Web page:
Bridging the Gap Between the Physical-Conceptual Approach and Machine Learning for Modeling Hydrological Systems
PublisherThe University of Arizona.
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AbstractThere is a long history of developing computer-based physical-conceptual catchment-scale rainfall-runoff (RR) models in hydrology. To date, these models continue to be further refined to incorporate more physical processes and to be more spatially resolved, such as NOAA National Water Model (NWM) that facilitates spatio-temporal prediction. On the other hand, generic Machine Learning (ML) based Gated Recurrent Neural Networks are currently the most accurate and extrapolatable predictive models available for time-series prediction for Earth and environmental science problems. Certainly, there are pros and cons associated with the use of either of these modeling approaches, which leads to the research question of how to achieve a suitable tradeoff between model complexity and physical interpretability given a certain level of predictive accuracy.In the first part of this dissertation, I will summarize the experience gained through efforts made toward improving the NWM model architecture for streamflow prediction in semi-arid environments, and explore why an ML-based approach can be important support for the development of process-based approaches. The advantage of applying ML-based modeling technologies is demonstrated by using the Long Short-Term Memory Network (LSTM) architecture to model the dynamics of snowpack accumulation and melt. This approach is shown to significantly outperform the Physics-based SNOW-17 model in terms of predictive accuracy, computational efficiency, and spatial transferability. While ML-based approaches have achieved great success, the lack of physical explainability impedes widespread acceptance of such models by the hydrological science community. Hence, in the second part of my dissertation, I propose a specific type of system/network “node”, referred to as a Mass Conserving Perceptron (MCP), that can potentially form the basis for “interpretable” ML-based learning of RNN-type directed-graph type representations of mass/energy conserving physical systems directly from data. The MCP node incorporates several desirable features, including (i) recurrence, so that the dynamical state-variable evolution of system memory can be represented, (ii) the ability to impose conservation constraints at the nodal level, (iii) the ability to learn unobserved losses of mass/energy from each node, (iv) LSTM-like gating so that the state-variable time-constants can be dynamically adjusted based on current context, and (v) the ability to learn the forms of the flux equations governing the behaviors of the system. Finally, as a proof of concept, several MCP-based model architectures are tested using a 40-year daily rainfall-runoff dataset from the Leaf River catchment. The resulting performance is comparable to that obtainable using non-mass-conservative data-driven approaches including linear-time-series modeling, and NN-based modeling (time-delay ANNs, and LSTMs). Further, the use of the MCP-based approach facilitates relatively easy exploration of hypotheses regarding the nature of the data-generating process (the physical system), while seeking to balance model complexity with interpretability while maintaining a certain level of predictive accuracy.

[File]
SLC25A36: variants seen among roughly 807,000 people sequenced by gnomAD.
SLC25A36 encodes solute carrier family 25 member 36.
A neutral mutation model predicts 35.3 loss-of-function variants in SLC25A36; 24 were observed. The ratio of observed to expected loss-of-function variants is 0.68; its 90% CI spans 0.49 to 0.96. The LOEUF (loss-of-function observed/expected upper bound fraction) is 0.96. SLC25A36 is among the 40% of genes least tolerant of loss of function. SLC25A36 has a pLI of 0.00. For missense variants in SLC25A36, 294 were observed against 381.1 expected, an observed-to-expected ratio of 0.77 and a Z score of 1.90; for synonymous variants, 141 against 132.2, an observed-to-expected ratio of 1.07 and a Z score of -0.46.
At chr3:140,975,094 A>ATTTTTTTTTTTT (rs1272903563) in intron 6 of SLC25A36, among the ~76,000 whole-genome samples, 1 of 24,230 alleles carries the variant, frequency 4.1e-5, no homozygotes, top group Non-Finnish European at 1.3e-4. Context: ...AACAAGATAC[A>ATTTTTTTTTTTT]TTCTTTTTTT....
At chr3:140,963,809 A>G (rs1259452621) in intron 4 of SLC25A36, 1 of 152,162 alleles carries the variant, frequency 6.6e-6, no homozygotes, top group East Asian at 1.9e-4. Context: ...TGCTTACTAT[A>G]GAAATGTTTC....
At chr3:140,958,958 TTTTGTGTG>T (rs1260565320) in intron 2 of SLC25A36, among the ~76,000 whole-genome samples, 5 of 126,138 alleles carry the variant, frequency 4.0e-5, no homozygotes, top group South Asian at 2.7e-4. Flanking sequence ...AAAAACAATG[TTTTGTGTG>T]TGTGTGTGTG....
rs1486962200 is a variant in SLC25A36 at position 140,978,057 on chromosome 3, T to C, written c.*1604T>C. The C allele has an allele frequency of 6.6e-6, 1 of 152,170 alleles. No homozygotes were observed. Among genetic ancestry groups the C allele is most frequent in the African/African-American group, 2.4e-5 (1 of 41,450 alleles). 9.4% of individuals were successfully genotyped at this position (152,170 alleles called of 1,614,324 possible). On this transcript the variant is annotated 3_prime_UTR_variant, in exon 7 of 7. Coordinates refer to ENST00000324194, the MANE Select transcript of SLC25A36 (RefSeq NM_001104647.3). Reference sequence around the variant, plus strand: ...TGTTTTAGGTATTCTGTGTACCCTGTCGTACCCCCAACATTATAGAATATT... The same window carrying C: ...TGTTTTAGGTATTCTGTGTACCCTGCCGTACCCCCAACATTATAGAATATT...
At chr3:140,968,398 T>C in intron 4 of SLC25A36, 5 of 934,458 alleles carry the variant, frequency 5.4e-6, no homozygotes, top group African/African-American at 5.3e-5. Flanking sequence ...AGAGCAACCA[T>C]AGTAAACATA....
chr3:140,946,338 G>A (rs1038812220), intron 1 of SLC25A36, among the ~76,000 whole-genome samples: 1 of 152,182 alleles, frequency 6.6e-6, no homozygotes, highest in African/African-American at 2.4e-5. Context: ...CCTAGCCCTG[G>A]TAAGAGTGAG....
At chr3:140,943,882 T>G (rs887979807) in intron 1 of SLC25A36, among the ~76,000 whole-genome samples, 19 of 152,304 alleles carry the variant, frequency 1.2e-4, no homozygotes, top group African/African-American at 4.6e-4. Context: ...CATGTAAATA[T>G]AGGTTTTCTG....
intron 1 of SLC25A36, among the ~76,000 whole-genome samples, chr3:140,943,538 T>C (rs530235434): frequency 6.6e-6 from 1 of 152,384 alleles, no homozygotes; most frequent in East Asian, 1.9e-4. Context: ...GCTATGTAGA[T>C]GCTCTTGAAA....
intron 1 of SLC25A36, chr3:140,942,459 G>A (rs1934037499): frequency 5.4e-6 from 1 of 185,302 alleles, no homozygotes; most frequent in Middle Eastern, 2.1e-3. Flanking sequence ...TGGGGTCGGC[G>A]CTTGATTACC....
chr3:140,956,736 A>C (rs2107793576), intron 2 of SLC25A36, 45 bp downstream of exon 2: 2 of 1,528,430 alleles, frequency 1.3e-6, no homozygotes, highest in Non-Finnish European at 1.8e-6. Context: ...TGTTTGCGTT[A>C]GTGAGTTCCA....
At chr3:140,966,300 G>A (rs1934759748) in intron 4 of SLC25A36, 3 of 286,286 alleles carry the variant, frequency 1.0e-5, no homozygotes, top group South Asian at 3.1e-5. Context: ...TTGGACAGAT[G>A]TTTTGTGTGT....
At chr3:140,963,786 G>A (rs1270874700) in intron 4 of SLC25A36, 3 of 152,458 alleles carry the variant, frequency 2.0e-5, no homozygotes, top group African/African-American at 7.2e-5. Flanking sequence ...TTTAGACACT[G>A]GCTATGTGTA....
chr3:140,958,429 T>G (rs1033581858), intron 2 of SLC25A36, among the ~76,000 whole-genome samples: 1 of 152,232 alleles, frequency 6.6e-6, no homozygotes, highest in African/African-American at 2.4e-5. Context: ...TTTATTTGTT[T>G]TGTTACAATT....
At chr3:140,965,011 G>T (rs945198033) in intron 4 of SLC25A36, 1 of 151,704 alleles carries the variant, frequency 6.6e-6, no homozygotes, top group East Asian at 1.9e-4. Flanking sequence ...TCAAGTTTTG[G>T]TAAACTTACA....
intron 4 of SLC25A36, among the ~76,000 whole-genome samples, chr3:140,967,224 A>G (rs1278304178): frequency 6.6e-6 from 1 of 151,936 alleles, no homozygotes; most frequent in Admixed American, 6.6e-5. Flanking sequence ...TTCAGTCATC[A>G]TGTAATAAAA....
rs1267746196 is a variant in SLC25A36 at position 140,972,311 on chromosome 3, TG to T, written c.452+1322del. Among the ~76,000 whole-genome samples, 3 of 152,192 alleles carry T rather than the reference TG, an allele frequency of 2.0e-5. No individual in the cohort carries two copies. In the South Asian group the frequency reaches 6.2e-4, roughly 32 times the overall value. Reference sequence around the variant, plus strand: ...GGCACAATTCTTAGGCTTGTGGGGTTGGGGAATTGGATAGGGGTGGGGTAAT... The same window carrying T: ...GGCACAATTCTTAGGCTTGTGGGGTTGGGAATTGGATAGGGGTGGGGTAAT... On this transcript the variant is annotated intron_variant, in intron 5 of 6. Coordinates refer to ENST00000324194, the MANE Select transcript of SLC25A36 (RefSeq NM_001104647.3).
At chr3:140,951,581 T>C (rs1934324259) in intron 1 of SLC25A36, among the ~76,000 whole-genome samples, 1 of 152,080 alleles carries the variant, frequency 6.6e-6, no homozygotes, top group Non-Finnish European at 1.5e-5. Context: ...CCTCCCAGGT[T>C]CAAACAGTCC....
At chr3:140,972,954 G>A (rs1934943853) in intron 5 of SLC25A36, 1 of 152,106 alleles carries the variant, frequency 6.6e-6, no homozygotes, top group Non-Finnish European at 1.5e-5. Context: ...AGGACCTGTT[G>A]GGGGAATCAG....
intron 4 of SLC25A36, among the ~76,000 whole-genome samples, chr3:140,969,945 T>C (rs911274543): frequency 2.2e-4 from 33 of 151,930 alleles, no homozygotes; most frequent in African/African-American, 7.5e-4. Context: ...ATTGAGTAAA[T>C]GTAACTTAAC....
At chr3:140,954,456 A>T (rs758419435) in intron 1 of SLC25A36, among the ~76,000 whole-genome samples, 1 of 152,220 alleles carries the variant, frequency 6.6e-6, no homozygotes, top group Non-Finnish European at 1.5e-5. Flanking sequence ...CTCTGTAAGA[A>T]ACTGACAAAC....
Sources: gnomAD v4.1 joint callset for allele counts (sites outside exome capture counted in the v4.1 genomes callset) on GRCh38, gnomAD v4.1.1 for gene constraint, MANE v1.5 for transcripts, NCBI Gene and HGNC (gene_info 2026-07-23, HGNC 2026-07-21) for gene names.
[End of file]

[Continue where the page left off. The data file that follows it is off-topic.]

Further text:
Degree ProgramGraduate College